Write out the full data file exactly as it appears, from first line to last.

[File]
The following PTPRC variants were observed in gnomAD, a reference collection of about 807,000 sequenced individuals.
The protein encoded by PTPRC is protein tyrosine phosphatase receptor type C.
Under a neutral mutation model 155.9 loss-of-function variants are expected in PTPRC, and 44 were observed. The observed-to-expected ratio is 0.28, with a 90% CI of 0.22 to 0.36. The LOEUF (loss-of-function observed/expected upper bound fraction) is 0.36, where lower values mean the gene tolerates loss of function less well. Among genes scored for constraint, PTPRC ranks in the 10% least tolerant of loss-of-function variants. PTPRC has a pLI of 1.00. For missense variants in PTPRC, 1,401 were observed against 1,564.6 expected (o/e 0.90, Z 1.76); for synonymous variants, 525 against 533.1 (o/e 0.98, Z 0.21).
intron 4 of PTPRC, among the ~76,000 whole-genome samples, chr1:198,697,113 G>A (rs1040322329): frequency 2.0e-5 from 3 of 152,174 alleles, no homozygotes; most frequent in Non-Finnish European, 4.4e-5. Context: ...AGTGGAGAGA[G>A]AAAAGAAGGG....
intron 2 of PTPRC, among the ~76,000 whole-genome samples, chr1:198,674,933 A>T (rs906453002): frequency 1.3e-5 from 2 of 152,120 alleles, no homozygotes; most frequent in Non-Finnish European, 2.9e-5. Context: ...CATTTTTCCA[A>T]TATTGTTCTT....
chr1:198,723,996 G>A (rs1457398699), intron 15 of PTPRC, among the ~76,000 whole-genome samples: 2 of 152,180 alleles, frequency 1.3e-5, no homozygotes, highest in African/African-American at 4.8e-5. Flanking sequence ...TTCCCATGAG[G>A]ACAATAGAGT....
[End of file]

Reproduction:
The following PTPRC variants were observed in gnomAD, a reference collection of about 807,000 sequenced individuals.
The protein encoded by PTPRC is protein tyrosine phosphatase receptor type C.
Under a neutral mutation model 155.9 loss-of-function variants are expected in PTPRC, and 44 were observed. The observed-to-expected ratio is 0.28, with a 90% CI of 0.22 to 0.36. The LOEUF (loss-of-function observed/expected upper bound fraction) is 0.36, where lower values mean the gene tolerates loss of function less well. Among genes scored for constraint, PTPRC ranks in the 10% least tolerant of loss-of-function variants. PTPRC has a pLI of 1.00. For missense variants in PTPRC, 1,401 were observed against 1,564.6 expected (o/e 0.90, Z 1.76); for synonymous variants, 525 against 533.1 (o/e 0.98, Z 0.21).
intron 4 of PTPRC, among the ~76,000 whole-genome samples, chr1:198,697,113 G>A (rs1040322329): frequency 2.0e-5 from 3 of 152,174 alleles, no homozygotes; most frequent in Non-Finnish European, 4.4e-5. Context: ...AGTGGAGAGA[G>A]AAAAGAAGGG....
intron 2 of PTPRC, among the ~76,000 whole-genome samples, chr1:198,674,933 A>T (rs906453002): frequency 1.3e-5 from 2 of 152,120 alleles, no homozygotes; most frequent in Non-Finnish European, 2.9e-5. Context: ...CATTTTTCCA[A>T]TATTGTTCTT....
chr1:198,723,996 G>A (rs1457398699), intron 15 of PTPRC, among the ~76,000 whole-genome samples: 2 of 152,180 alleles, frequency 1.3e-5, no homozygotes, highest in African/African-American at 4.8e-5. Flanking sequence ...TTCCCATGAG[G>A]ACAATAGAGT....